• The WTO will just give more free IP! pharmacies are much bigger then on line betting / poker.

    Any ways if we where to push it candida may just end with rights to us tv / other media for free.

    BIG drugs sucks and we pay more then any other place for meds!

  • These "objectionable sites" may consider adding some political commentary (perhaps a policy statement on the topic of drig regulation) and then if the governement tries to shut them down, sue using the 1st amendment .

    The only solution for the government then perhaps becomes a much finer grained block list (specfiic pages) which the web sites can evade by moving stuff around, or, by having political speech on every page.

    The question would then be how the US Supreme court would view a "voluntary" block lis

  • It's His Fault (Score:4, Insightful)

    by dugn (890551) on Thursday September 30, 2010 @03:07PM (#33751974) Homepage
    Down with Bush Hitler! Wait...
  • How about if they pull whitehouse.gov on the grounds that they're promoting breaking the Internet.
  • by thestudio_bob (894258) on Thursday September 30, 2010 @03:13PM (#33752066)

    I've said this before and I'll keep saying it...

    If you are in the U.S. and you want change, and I really mean serious change, then you have the power to make a difference. All it takes is for you to do a little bit of research and maybe 30 minutes of your time to VOTE. The biggest problem is that we have these two parties who are totally out of touch and/or basically just don't give a rats ass, about the citizens.

    Make a change and do the following:

    • Don't just vote for the republicans and just don't vote for the democrats, this time try to find some independant candidates (Trust me, they are out there. Big media just doesn't want you to know about them)
    • Don't be fooled by the parties marketing. It's marketing, it's supposed to razzle-dazzle you, it's not real.
    • Find an independant candidate who you can relate with and vote for them.
    • Don't buy into the hype that a vote against the Republican/Democratic party is akin to throwing away your vote.
    • Research your candidates, if they have money, then ask where did they get that money from?
    • Try to persuade your friends and family to do the same.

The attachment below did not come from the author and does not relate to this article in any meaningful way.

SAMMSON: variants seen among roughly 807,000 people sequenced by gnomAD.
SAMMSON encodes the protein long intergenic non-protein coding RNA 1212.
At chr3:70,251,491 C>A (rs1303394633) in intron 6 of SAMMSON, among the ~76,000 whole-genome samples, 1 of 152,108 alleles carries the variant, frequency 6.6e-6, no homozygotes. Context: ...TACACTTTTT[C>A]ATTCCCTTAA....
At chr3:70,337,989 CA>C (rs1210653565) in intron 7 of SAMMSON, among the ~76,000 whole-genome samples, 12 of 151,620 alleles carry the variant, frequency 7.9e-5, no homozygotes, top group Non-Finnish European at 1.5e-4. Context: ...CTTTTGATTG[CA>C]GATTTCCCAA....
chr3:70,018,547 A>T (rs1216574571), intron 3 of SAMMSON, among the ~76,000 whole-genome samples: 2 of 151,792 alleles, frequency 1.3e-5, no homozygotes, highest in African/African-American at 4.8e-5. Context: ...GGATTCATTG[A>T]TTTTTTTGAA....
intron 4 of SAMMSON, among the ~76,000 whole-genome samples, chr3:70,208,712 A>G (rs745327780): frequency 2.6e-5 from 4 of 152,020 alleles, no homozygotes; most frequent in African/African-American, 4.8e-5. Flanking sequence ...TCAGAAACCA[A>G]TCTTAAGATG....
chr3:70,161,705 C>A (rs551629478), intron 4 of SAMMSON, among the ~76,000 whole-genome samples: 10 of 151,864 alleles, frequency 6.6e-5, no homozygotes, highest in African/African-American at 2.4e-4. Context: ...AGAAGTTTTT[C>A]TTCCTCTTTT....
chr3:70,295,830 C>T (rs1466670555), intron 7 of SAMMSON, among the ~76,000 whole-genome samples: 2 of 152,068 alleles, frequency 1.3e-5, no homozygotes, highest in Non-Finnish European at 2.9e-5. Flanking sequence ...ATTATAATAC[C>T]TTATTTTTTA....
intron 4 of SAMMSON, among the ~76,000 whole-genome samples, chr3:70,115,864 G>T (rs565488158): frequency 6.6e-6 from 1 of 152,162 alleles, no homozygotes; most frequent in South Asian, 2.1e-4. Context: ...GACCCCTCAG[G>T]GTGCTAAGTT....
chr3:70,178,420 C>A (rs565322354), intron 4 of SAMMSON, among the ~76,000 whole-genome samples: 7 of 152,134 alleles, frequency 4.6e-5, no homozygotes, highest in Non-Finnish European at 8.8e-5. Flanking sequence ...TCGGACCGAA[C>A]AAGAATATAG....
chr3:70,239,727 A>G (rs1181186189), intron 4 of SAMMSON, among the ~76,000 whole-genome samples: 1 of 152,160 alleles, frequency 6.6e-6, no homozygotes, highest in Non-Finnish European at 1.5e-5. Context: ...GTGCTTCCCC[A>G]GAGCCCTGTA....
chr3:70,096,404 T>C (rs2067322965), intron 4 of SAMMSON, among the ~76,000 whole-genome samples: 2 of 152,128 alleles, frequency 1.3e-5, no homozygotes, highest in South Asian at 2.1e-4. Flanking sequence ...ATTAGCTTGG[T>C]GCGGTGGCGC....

Sure, your guy might not make it in, but hopefully you can sleep better at night and send a message to these scummy politicians that we are fed up.

    • by wizkid (13692) on Thursday September 30, 2010 @03:22PM (#33752182) Homepage

      I've been voting for non-democrap/republishit candidates since the patriot act, which violates the constitution.

      If republican's are for a smaller government, why did the federal gov balloon during their era.

      If Democraps are for a socialist government, why do the give in to every corporate request that they make?

      Why are people so clueless that they can't figure out what these a$$holes are up to?

  • by Nom du Keyboard (633989) on Thursday September 30, 2010 @03:23PM (#33752218)
    This seems to be blocking by obscurity -- i.e. removing DNS listings, but IP addresses persist and would still reach the site if you knew which one to type in. How long before OpenDNS morphs into FreeDNS (or AltDNS) or some other service that you can apply to in order to be listed in a manner free of government interference? There is, to my belief, no technical reason why one can't subscribe to the DNS listing service of one's choice. We all use the standard DNS system at the moment just because it gets us to everywhere we want to go. When it stops doing that then an alternate DNS systems becomes viable and attractive. Can the government ban that?

    Can they ban a local to your machine (hey, hard drives are LARGE these days) DNS database that distributes listings by P2P for "banned sites"? I may be wrong, but it is a truism that the Internet routs around damage, including censorship.
  • by pavera (320634) on Thursday September 30, 2010 @03:24PM (#33752230) Homepage Journal

    Second verse same as the first, if this is the "Change" everyone wanted... wow... I'd rather have had bush for another 8 years, started 2 more wars (North Korea and Iran) than have a censored internet, be forced to buy something by the federal government (I have health insurance already, but being FORCED to pay money for something, anything besides taxes, by the government is a step WAY BEYOND the freedoms this country is supposed to stand for).

    And he hasn't even rolled back any of the Bush "secret" stuff, or closed Guantanamo. Instead as soon as he was in office he decided all that stuff was great!

    Never been a worse president than Obama.

  • 42, or is it 57? (Score:3, Interesting)

    by Nom du Keyboard (633989) on Thursday September 30, 2010 @03:30PM (#33752304)
    Next time think before voting for a President who believes we have 57 states. Second grade kids know better than that.
  • by anorlunda (311253) on Thursday September 30, 2010 @03:34PM (#33752370) Homepage

    Does the Obama Administration Hate Free Speech?

    It started with a half-hearted campaign against Fox News. They couldn't censor them so they tried to discredit them. Next the White House called liberal commentary on MSNBC and invaluable public service.

    Then comes the Citizens United case. They hate the idea of first amendment rights being given to corporations, but they love it for non-profits and labor unions.